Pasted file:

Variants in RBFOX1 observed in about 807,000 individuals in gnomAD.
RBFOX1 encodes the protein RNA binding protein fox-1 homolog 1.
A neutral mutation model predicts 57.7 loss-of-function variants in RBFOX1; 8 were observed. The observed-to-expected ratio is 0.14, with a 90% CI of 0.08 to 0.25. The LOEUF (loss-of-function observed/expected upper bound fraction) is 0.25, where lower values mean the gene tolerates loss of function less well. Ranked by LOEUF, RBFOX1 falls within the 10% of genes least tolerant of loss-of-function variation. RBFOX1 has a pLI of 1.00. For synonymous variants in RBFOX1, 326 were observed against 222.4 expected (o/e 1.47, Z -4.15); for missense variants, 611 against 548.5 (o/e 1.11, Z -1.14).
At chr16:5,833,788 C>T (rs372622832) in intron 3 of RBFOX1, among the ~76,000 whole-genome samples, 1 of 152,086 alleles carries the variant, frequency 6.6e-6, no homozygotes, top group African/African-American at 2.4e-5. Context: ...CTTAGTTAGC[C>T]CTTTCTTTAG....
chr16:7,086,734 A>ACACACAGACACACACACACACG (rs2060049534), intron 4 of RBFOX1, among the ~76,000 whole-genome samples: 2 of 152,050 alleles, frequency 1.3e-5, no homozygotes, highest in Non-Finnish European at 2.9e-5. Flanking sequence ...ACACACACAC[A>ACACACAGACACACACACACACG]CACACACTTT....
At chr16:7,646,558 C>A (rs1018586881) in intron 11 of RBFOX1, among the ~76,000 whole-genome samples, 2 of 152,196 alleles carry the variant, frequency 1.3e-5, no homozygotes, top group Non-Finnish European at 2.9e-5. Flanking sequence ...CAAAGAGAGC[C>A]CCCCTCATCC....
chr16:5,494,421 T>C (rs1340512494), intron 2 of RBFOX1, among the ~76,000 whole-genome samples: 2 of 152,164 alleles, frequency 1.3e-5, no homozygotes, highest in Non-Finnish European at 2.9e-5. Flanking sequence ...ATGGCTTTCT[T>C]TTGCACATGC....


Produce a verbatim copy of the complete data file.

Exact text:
Variants in RBFOX1 observed in about 807,000 individuals in gnomAD.
RBFOX1 encodes the protein RNA binding protein fox-1 homolog 1.
A neutral mutation model predicts 57.7 loss-of-function variants in RBFOX1; 8 were observed. The observed-to-expected ratio is 0.14, with a 90% CI of 0.08 to 0.25. The LOEUF (loss-of-function observed/expected upper bound fraction) is 0.25, where lower values mean the gene tolerates loss of function less well. Ranked by LOEUF, RBFOX1 falls within the 10% of genes least tolerant of loss-of-function variation. RBFOX1 has a pLI of 1.00. For synonymous variants in RBFOX1, 326 were observed against 222.4 expected (o/e 1.47, Z -4.15); for missense variants, 611 against 548.5 (o/e 1.11, Z -1.14).
At chr16:5,833,788 C>T (rs372622832) in intron 3 of RBFOX1, among the ~76,000 whole-genome samples, 1 of 152,086 alleles carries the variant, frequency 6.6e-6, no homozygotes, top group African/African-American at 2.4e-5. Context: ...CTTAGTTAGC[C>T]CTTTCTTTAG....
chr16:7,086,734 A>ACACACAGACACACACACACACG (rs2060049534), intron 4 of RBFOX1, among the ~76,000 whole-genome samples: 2 of 152,050 alleles, frequency 1.3e-5, no homozygotes, highest in Non-Finnish European at 2.9e-5. Flanking sequence ...ACACACACAC[A>ACACACAGACACACACACACACG]CACACACTTT....
At chr16:7,646,558 C>A (rs1018586881) in intron 11 of RBFOX1, among the ~76,000 whole-genome samples, 2 of 152,196 alleles carry the variant, frequency 1.3e-5, no homozygotes, top group Non-Finnish European at 2.9e-5. Flanking sequence ...CAAAGAGAGC[C>A]CCCCTCATCC....
chr16:5,494,421 T>C (rs1340512494), intron 2 of RBFOX1, among the ~76,000 whole-genome samples: 2 of 152,164 alleles, frequency 1.3e-5, no homozygotes, highest in Non-Finnish European at 2.9e-5. Flanking sequence ...ATGGCTTTCT[T>C]TTGCACATGC....